In the present study, gas production was higher for CLR than for the other two CSBPs. This difference is possibly a result of the presence of highly fermentable organic matter in CLR, which would agree with its apparent high in vitro degradability. Gas production has also been reported to be more affected by digestible energy content (e.g., the presence of starch and sugars) than by protein or fat content (Abate, 1980), and high degradable N compounds have been reported to decrease gas production to some extent (Krishnamoorthy et al., 1995). In the present study, a faster degradation rate was observed for CLR than for either LCSH or DCSH. No apparent differences were observed for ammonia N in the three CSBPs. We speculated that cottonseed hull-associated protein in LCSH might not be a readily degraded form for rumen microorganisms, and that the high fat content could depress the degradation of the high amount of cottonseed kernel associated protein found in CLR.
The products of the anaerobic microbial fermentation of complex carbohydrates in the rumen include the predominant VFAs, acetate, propionate and butyrate. These are readily absorbed and assimilated as a nutrient source by the host ruminant; in fact, ruminants depend on VFAs for up to 80% of their maintenance energy requirements (Bergman, 1990). In the present study, total VFA production was markedly lower for DSCH than for CLR, which might be a consequence of the presence of higher amounts of hull associated structural fibre in DCSH than in CLR. Acetate is a necessary component for the formation of milk fat, while propionate is used for glucose production through hepatic gluconeogenesis and is needed for synthesis of milk lactose. A relatively low molar proportion of acetate and a remarkably high molar proportion of propionate occurred with CLR metabolism, which suggested that inclusion of CLR in the diet could serve as a supply of glucogenic precursors in the rumen for glucose production in the host animal.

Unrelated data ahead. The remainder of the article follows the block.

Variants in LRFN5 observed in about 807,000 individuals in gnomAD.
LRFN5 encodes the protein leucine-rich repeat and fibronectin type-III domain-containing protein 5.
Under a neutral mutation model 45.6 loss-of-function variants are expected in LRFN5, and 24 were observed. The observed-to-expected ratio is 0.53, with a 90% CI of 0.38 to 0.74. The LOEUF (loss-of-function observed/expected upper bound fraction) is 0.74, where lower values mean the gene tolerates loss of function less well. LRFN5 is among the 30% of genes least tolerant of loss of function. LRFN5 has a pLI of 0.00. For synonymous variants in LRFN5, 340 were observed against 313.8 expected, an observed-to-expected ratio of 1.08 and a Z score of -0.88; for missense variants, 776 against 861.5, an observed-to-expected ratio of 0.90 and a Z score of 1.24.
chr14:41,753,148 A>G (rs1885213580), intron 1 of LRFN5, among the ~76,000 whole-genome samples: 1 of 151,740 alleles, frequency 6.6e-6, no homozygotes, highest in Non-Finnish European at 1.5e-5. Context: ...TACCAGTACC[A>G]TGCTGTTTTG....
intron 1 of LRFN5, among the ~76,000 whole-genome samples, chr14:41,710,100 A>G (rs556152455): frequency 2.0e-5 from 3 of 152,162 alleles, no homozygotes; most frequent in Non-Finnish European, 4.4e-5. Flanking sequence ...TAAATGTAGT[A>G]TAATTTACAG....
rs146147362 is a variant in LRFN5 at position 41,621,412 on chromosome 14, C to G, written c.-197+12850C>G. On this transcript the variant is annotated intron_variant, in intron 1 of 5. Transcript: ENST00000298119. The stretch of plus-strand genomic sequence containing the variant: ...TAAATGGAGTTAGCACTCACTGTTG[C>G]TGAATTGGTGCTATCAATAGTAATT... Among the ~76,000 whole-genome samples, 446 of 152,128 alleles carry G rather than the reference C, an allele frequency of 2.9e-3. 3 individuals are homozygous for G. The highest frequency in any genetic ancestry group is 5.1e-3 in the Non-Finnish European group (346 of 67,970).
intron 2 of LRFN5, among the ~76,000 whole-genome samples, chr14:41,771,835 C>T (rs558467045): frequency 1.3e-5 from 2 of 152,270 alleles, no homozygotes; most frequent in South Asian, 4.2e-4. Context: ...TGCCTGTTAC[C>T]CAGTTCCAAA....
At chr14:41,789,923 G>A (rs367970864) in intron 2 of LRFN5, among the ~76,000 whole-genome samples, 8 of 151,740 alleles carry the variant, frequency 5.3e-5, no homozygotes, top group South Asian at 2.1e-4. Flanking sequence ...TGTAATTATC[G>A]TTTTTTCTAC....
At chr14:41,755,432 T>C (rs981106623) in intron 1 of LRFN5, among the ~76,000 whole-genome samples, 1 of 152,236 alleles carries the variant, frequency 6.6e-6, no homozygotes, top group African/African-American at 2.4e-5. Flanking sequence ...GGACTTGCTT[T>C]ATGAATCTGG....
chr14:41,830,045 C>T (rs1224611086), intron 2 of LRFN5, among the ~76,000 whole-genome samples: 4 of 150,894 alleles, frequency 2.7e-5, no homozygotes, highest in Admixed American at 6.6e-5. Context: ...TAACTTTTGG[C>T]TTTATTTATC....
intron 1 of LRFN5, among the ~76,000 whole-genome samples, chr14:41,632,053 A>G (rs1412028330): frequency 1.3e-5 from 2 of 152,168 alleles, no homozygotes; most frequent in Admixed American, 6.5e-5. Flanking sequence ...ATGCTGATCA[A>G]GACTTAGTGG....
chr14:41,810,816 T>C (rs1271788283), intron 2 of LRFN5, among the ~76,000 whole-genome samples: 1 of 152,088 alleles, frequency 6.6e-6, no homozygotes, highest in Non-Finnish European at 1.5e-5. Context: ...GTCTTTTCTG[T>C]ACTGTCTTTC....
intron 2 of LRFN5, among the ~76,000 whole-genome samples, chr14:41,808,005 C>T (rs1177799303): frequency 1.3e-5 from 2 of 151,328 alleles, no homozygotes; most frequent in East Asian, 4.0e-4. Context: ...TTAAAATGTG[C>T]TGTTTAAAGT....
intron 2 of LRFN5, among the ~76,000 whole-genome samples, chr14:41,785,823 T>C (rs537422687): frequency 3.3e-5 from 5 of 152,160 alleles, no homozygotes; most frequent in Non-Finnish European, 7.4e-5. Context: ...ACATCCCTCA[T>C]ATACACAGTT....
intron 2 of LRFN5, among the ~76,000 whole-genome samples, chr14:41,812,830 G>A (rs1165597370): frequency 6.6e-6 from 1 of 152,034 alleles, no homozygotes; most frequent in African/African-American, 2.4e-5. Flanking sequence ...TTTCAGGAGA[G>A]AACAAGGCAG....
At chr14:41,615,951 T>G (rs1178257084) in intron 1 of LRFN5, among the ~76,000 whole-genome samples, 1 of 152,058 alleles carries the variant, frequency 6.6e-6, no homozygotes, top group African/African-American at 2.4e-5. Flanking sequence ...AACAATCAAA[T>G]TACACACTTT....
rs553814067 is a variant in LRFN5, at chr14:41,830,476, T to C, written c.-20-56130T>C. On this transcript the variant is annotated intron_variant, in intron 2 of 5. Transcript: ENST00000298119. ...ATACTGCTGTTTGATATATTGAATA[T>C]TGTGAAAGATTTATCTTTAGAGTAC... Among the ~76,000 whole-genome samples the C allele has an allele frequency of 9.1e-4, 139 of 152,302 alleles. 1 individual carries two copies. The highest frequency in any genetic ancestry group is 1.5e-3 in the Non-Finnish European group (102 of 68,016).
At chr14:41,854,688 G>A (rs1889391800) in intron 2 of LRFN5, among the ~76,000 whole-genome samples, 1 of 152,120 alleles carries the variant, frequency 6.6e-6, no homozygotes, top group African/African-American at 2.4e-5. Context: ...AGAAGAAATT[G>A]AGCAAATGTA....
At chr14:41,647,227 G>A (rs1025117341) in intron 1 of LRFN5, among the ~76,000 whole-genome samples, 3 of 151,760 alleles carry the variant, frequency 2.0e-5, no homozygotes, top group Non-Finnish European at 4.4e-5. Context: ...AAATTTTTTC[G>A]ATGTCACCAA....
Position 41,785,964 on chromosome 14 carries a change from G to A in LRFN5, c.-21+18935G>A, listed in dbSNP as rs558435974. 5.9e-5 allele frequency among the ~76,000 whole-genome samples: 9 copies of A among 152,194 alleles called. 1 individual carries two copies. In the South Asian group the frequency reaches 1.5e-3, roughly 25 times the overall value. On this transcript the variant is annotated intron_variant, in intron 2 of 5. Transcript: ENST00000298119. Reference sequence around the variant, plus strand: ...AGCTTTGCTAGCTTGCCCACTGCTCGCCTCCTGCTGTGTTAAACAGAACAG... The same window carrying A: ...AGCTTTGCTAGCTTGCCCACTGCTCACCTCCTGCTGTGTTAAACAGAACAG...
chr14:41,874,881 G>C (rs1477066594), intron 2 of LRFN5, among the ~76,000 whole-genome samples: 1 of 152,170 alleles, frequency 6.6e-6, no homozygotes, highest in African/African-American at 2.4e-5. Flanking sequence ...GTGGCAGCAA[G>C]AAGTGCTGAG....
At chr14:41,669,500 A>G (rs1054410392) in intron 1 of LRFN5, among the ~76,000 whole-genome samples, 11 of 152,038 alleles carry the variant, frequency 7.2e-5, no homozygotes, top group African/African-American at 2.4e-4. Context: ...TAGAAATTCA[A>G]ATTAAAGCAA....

Methane production in the rumen is an energetically wasteful process. Approximately 6% of dietary gross energy intake is lost into the atmosphere as CH4 (Holter and Young, 1992; DeRamus et al., 2003). This CH4 in turn contributes to climatic change and global warming (Johnson and Johnson, 1995), as CH4 traps outgoing terrestrial infrared radiation 20 times more effectively than does CO2. Interestingly, although the molar proportion of CO2 and CH4 did not statistically differ when DCSH and LCSH were tested in the present study, comparatively higher CO2 and lower CH4 proportions were observed with CLR.
Long-chain fatty acids have been shown to decrease fibre digestibility and acetate production and to suppress methane production (Getachew et al., 2004; Getachew et al., 2005). The supplementation of whole cottonseed to dairy cows that are offered a forage and cereal diet resulted in a long term reduction in CH4 emissions, which might be caused by an overall increase in dietary fat content (Dohme et al., 2001; Grainger, 2010). Thus, the very high fat content of 268.7 g/kg DM (Table 1) could explain why a comparatively high depression of CH4 occurred when CLR was used as a feed. In summary, the products of delinted cottonseed hulls can be defined as roughage with a low crude protein and very high fibre content, when compared to feeds consisting of conventional linted cottonseed hulls. The cottonseed linter residue can provide a ME content of 13.29 kJ/kg DM, which is almost twice that of delinted cottonseed hulls and conventional linted cottonseed hulls. Both in situ and in vitro digestibility results indicated that cottonseed linter residue could be regarded and/or defined as an energy and protein concentrate for ruminant animals that would be expected to generate comparatively less greenhouse gas due to its high fat content.